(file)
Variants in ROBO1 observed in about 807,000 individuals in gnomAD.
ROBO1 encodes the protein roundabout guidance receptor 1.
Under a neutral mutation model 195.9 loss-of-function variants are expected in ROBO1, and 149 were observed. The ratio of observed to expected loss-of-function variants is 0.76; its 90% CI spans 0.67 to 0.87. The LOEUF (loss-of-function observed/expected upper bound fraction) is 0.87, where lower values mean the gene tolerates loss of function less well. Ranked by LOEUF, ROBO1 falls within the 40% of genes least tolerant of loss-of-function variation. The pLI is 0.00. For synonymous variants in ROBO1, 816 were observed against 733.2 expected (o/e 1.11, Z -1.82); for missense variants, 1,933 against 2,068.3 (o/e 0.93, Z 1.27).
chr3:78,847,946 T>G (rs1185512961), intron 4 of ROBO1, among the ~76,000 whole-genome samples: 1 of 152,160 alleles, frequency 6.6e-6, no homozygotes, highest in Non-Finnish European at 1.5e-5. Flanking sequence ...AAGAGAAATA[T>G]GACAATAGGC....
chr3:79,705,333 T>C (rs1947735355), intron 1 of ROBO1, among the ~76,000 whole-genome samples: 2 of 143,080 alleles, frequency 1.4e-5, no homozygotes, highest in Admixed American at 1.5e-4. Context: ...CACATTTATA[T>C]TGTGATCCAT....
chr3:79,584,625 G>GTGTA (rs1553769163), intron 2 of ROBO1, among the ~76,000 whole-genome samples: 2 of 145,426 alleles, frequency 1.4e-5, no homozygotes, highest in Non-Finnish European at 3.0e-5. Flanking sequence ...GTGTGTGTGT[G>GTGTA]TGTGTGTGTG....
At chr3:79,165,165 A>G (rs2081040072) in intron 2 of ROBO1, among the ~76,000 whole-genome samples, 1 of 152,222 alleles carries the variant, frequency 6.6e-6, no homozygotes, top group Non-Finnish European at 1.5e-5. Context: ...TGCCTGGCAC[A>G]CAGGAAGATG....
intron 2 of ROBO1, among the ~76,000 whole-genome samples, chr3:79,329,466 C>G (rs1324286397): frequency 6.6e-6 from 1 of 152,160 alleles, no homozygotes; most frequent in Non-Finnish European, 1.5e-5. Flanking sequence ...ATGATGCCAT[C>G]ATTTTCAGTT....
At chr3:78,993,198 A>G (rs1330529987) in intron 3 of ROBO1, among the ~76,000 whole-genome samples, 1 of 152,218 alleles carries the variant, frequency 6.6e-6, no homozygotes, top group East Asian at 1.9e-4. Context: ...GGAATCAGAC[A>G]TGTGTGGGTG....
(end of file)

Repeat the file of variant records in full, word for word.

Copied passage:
Variants in ROBO1 observed in about 807,000 individuals in gnomAD.
ROBO1 encodes the protein roundabout guidance receptor 1.
Under a neutral mutation model 195.9 loss-of-function variants are expected in ROBO1, and 149 were observed. The ratio of observed to expected loss-of-function variants is 0.76; its 90% CI spans 0.67 to 0.87. The LOEUF (loss-of-function observed/expected upper bound fraction) is 0.87, where lower values mean the gene tolerates loss of function less well. Ranked by LOEUF, ROBO1 falls within the 40% of genes least tolerant of loss-of-function variation. The pLI is 0.00. For synonymous variants in ROBO1, 816 were observed against 733.2 expected (o/e 1.11, Z -1.82); for missense variants, 1,933 against 2,068.3 (o/e 0.93, Z 1.27).
chr3:78,847,946 T>G (rs1185512961), intron 4 of ROBO1, among the ~76,000 whole-genome samples: 1 of 152,160 alleles, frequency 6.6e-6, no homozygotes, highest in Non-Finnish European at 1.5e-5. Flanking sequence ...AAGAGAAATA[T>G]GACAATAGGC....
chr3:79,705,333 T>C (rs1947735355), intron 1 of ROBO1, among the ~76,000 whole-genome samples: 2 of 143,080 alleles, frequency 1.4e-5, no homozygotes, highest in Admixed American at 1.5e-4. Context: ...CACATTTATA[T>C]TGTGATCCAT....
chr3:79,584,625 G>GTGTA (rs1553769163), intron 2 of ROBO1, among the ~76,000 whole-genome samples: 2 of 145,426 alleles, frequency 1.4e-5, no homozygotes, highest in Non-Finnish European at 3.0e-5. Flanking sequence ...GTGTGTGTGT[G>GTGTA]TGTGTGTGTG....
At chr3:79,165,165 A>G (rs2081040072) in intron 2 of ROBO1, among the ~76,000 whole-genome samples, 1 of 152,222 alleles carries the variant, frequency 6.6e-6, no homozygotes, top group Non-Finnish European at 1.5e-5. Context: ...TGCCTGGCAC[A>G]CAGGAAGATG....
intron 2 of ROBO1, among the ~76,000 whole-genome samples, chr3:79,329,466 C>G (rs1324286397): frequency 6.6e-6 from 1 of 152,160 alleles, no homozygotes; most frequent in Non-Finnish European, 1.5e-5. Flanking sequence ...ATGATGCCAT[C>G]ATTTTCAGTT....
At chr3:78,993,198 A>G (rs1330529987) in intron 3 of ROBO1, among the ~76,000 whole-genome samples, 1 of 152,218 alleles carries the variant, frequency 6.6e-6, no homozygotes, top group East Asian at 1.9e-4. Context: ...GGAATCAGAC[A>G]TGTGTGGGTG....